Francis Daniel Pastorius, Description of Pennsylvania (1700)


German emigration to the East Coast of North America began – as with the English Puritans – at the end of the seventeenth century as a religious separation from the Old World. This numerically small core has become the “German-American” founding history. Subsequent migrants were predominantly poor people who could not pay for their own passage and had to work for seven years in debt bondage; after 1815, farming and craftsmen families from rural southwestern Germany and the Palatinate came and settled in rural areas; since the 1840s, men and women from the urban lower classes increasingly migrated and lived as workers in cities, but also as agricultural families who settled in newly developed western areas, especially in Wisconsin and Minnesota. Mennonites and Amish migrated from Pennsylvania to Ontario and from there later to Manitoba.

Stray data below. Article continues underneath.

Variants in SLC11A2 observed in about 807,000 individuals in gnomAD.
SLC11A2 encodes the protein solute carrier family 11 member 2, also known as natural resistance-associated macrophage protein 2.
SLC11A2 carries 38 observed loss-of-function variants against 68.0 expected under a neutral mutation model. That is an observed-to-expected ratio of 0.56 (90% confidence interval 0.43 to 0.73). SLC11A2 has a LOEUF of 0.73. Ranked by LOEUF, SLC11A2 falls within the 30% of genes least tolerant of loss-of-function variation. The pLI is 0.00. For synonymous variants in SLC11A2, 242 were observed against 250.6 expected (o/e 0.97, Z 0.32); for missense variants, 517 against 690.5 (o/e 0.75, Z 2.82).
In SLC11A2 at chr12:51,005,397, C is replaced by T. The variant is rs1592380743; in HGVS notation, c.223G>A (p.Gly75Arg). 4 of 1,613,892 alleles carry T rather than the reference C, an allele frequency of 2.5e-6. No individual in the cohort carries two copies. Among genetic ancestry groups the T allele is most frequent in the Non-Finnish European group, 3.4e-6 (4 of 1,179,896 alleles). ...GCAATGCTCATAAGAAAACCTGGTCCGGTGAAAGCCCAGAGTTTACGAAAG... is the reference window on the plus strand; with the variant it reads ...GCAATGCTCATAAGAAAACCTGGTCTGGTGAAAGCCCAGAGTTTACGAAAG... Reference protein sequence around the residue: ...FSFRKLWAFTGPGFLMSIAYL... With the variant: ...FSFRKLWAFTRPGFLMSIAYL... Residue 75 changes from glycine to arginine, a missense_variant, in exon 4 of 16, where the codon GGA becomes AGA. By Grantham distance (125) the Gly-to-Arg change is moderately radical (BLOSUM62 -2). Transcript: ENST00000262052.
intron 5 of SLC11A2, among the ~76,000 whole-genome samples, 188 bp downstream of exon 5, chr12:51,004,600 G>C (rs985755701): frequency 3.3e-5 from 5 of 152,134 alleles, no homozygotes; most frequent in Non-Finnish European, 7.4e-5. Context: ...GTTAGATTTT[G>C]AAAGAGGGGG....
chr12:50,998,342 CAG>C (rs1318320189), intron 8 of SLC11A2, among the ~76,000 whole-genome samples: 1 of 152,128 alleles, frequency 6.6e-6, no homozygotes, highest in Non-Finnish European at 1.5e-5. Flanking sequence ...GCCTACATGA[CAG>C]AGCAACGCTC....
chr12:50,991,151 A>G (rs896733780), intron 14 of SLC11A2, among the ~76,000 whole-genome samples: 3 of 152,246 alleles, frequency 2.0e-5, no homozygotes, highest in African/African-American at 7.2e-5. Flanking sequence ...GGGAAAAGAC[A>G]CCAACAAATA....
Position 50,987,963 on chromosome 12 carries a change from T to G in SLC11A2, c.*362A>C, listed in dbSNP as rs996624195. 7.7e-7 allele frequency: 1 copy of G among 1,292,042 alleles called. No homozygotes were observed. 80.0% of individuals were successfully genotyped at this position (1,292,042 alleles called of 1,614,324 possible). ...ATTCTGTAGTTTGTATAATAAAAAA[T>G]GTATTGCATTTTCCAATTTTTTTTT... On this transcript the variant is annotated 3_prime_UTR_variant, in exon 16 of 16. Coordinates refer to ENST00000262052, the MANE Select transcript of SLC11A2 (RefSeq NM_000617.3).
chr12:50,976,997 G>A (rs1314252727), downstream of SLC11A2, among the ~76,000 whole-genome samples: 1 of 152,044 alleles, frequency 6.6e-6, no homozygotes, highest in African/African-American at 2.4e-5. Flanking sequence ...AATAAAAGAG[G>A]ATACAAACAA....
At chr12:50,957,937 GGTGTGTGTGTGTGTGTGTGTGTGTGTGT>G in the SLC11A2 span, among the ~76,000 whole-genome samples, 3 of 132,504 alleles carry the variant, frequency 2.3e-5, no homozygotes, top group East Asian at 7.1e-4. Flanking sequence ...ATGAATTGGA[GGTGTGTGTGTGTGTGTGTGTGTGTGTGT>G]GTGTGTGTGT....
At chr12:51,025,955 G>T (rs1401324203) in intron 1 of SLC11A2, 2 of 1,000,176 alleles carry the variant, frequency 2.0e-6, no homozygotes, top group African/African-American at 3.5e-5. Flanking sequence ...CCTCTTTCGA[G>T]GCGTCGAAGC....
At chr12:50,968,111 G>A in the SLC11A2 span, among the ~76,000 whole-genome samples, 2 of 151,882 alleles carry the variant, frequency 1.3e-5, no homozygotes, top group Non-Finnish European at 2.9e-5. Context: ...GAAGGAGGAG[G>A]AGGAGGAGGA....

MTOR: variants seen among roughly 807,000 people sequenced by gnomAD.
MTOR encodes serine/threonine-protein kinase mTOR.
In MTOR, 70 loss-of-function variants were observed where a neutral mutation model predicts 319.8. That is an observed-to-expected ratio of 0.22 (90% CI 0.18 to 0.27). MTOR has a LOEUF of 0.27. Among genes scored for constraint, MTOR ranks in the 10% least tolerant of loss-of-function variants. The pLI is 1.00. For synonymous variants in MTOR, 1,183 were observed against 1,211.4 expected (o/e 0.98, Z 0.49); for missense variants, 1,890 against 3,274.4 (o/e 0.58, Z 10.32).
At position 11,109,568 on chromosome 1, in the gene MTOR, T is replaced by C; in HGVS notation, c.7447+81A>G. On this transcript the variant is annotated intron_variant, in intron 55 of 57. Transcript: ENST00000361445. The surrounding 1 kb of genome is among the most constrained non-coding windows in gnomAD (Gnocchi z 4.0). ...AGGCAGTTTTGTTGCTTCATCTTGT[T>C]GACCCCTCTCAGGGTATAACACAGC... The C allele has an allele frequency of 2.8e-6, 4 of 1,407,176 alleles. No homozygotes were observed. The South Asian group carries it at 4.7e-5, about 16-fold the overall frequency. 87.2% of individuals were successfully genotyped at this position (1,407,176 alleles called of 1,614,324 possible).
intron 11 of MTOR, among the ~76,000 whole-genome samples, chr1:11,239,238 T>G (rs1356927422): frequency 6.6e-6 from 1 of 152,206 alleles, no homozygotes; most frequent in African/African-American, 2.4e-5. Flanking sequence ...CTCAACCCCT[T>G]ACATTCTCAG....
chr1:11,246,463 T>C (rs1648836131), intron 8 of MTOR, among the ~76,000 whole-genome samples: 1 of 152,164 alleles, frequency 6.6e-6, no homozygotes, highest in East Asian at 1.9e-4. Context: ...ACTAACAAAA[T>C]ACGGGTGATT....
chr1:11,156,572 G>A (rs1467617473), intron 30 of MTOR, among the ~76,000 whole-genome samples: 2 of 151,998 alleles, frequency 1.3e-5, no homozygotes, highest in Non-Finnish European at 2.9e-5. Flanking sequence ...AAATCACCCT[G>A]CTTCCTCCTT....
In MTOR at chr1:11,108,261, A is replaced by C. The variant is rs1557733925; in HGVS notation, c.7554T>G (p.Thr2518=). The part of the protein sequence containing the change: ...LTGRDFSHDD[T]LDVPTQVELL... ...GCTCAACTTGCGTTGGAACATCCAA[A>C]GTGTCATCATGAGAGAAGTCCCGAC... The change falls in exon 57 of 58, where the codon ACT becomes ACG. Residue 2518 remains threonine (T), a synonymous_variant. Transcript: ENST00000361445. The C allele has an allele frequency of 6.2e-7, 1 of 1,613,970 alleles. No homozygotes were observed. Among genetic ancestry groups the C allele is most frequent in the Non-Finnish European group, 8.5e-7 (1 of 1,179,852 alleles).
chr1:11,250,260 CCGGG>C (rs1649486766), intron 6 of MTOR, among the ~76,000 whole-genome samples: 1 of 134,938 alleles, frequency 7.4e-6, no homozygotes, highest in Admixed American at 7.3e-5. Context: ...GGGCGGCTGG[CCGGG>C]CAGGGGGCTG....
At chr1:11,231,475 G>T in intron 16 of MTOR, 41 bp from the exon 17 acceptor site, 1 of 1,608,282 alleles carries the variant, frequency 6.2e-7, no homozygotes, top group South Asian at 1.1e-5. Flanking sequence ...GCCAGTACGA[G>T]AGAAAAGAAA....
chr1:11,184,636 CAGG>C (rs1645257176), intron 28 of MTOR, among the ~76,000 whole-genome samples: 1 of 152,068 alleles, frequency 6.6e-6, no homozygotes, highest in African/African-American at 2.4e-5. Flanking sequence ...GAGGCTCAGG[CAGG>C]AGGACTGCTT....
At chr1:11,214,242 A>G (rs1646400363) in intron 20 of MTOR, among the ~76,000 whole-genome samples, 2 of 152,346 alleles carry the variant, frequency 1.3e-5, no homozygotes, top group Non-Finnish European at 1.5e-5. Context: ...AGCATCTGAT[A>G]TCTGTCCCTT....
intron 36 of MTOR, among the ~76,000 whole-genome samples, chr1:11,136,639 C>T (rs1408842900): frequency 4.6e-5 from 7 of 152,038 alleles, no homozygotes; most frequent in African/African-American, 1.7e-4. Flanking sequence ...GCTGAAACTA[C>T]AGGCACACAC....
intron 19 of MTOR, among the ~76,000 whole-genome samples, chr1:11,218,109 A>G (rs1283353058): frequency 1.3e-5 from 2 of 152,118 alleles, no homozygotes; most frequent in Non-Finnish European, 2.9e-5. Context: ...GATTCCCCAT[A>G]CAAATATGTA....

Since the landing of the “Mayflower” in 1620, the British territories in North America gained the reputation of being the new home of persecuted religious minorities. Apart from “charter colonies” such as Virginia, which were founded on royal charters, and feudal colonies such as New York, other colonies were based on religious and idealistic motives. The best known (and by far the most successful) project is Pennsylvania. In 1681, King Charles II (ruled 1660-1685) transferred this territory to the London-born merchant William Penn. Penn, who belonged to the radically anti-authoritarian Quaker sect, wanted to lead as many of his persecuted and harassed fellow believers as possible across the Atlantic to realize a utopia based on the principles of equality, non-violence and tolerance.